The Task Force believes that newborn screening for CAH due to 21-hydroxylase deficiency should be incorporated into all newborn screening programs (1 | OO). Ideally, the first-tier screening test, a 17-hydroxyprogesterone (17-OHP) immunoassay, should be standardized to one type of assay. At present most programs use DELFIA. We recommend that norms be stratified by gestational age (1 | OO), rather than by birthweight . Second-tier confirmatory tests by liquid chromatography/tandem mass spectrometry are recommended to improve CAH screening's positive predictive value , presently hovering around 1% for most US programs. As of this paper, the throughput of tandem mass spectrometry is not fast enough for this method to be used as a primary screen. Each screening program, region, or country should adopt specific protocols to deal with positive newborn screens (1 | OO).
Prenatal therapy to minimize virilization of affected female fetuses in empiric protocols with arbitrary fixed doses of dexamethasone administered from the mid-first trimester have been in use for close to three decades [9, 10]. The lack of adequately detailed and controlled long-term follow-up studies on the offspring of treated pregnancies is disappointing. In the centers with the most experience, fewer than 50% of mothers and offspring have responded to questionnaires (Meyer-Bahlburg, H, personal communication). The Task Force expressed concern about this, and about the fact that, as presently practiced, 7 unaffected male fetuses must be treated for each affected female. Numerous studies in experimental animal models and retrospective studies of human glucocorticoid (GC)-treated non-CAH pregnancies, have revealed potential adverse effects (summarized in ). For these reasons, prenatal therapy should be pursued through protocols approved by Institutional Review Boards at centers capable of collecting outcomes data on a sufficiently large number of patients so that risks and benefits of this treatment can be defined more precisely (2 | OO). To this end, data from multicenter studies with similar protocols should be pooled. Noninvasive determination of fetal sex from fetal cell-free DNA in the mother's blood could help avoid treatment of male fetuses. The latter technique is widespread in Europe, but has not yet been approved for commercial use in the United States. Additionally, it would be of interest to determine whether the dexamethasone dose could be reduced later in gestation to improve safety without sacrificing efficacy.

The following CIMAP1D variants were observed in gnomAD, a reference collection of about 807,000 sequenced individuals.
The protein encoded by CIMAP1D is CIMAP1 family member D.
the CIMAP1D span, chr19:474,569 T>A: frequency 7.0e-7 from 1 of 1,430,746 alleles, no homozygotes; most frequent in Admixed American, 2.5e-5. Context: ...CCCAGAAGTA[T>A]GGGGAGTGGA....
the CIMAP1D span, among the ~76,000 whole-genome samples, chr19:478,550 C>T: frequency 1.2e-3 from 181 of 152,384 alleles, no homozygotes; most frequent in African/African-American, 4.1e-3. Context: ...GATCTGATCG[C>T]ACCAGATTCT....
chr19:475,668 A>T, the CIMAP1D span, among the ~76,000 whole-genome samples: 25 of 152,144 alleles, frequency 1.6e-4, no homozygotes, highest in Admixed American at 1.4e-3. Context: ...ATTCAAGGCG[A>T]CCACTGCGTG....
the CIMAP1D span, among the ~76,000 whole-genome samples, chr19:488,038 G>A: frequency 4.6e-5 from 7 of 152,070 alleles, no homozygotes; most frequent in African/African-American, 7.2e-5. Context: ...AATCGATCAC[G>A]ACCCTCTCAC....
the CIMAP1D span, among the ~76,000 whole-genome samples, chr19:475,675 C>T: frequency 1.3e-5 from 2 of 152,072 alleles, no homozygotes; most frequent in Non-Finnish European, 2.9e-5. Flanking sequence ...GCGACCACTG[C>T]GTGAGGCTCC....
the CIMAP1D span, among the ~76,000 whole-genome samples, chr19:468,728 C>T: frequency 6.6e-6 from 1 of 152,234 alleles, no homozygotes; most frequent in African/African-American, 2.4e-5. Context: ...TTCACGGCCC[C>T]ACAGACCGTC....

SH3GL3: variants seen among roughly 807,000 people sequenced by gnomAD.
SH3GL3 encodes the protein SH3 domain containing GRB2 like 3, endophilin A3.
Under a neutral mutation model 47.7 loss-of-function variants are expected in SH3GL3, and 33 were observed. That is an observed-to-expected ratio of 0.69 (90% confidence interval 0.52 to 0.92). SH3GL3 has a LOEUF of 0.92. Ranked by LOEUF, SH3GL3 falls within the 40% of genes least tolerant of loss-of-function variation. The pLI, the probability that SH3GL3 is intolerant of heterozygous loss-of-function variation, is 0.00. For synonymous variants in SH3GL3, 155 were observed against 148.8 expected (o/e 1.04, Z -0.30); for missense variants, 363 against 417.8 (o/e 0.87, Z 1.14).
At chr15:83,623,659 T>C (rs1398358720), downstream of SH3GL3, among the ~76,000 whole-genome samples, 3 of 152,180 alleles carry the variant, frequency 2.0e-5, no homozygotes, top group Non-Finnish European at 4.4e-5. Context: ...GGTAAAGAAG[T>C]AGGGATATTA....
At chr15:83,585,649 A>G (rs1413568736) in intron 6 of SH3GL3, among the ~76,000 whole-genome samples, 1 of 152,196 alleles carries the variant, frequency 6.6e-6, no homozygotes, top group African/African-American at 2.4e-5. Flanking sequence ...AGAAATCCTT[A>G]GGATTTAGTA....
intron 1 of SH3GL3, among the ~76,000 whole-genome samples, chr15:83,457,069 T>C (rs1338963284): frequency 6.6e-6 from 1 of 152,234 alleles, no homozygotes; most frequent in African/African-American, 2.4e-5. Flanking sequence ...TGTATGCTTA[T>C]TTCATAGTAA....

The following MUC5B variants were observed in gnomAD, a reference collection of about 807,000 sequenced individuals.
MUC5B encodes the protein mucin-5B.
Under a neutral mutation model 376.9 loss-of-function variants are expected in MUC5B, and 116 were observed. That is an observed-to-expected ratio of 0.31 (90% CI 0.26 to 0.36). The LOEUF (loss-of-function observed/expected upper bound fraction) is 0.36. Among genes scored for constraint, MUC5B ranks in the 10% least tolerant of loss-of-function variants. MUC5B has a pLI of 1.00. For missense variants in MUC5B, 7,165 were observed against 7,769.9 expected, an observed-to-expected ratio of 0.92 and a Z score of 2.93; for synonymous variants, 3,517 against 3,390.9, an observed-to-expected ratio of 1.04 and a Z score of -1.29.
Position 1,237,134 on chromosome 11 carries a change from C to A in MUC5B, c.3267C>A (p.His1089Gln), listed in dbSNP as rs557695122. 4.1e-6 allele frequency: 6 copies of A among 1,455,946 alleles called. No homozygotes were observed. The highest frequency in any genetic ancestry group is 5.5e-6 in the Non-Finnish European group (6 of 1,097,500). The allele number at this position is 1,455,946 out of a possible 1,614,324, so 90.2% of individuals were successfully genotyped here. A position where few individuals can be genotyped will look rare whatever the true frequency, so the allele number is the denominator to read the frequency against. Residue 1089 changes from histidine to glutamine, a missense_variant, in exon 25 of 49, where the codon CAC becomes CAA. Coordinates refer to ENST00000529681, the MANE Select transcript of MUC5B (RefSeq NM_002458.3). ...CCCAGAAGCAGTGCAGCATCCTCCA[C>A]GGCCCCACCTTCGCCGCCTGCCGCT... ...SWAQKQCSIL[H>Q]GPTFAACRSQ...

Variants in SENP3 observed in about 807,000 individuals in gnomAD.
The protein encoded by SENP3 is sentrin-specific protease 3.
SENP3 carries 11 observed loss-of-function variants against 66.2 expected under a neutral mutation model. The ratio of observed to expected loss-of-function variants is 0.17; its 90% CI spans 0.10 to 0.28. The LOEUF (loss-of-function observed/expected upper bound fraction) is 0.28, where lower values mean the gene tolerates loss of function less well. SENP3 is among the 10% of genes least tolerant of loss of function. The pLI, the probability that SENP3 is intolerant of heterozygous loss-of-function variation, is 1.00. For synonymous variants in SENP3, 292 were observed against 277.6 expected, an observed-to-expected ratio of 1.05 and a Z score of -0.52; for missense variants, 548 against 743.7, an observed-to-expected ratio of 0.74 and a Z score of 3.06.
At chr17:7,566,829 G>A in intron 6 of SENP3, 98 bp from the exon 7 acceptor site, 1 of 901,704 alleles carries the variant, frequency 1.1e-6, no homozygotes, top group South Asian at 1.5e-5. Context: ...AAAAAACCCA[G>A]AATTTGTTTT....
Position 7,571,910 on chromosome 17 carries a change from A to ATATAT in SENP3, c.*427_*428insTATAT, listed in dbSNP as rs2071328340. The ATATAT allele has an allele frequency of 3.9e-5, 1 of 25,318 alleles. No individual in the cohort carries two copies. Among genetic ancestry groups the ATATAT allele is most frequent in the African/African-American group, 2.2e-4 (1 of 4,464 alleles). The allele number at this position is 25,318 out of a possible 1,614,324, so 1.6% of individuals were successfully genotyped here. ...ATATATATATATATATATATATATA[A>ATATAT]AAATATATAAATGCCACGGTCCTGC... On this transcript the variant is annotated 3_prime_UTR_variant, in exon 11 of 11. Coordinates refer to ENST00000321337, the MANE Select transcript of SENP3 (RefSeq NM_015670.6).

An early morning (before 0800) baseline serum 17-OHP by liquid chromatography/tandem mass spectrometry appears to be the screening test of choice in symptomatic individuals after infancy (1 | OO). A screening serum 17-OHP greater than 6nmol/l or 200ng/dl  warrants obtaining a complete adrenocortical profile following cosyntropin stimulation to differentiate 21-hydroxylase deficiency from other enzyme defects and to make the diagnosis in borderline cases (1 | OO). Genotyping is now widely available and is helpful when results of the adrenocortical profile following cosyntropin stimulation test are equivocal, or for purposes of genetic counseling (2 | OOO).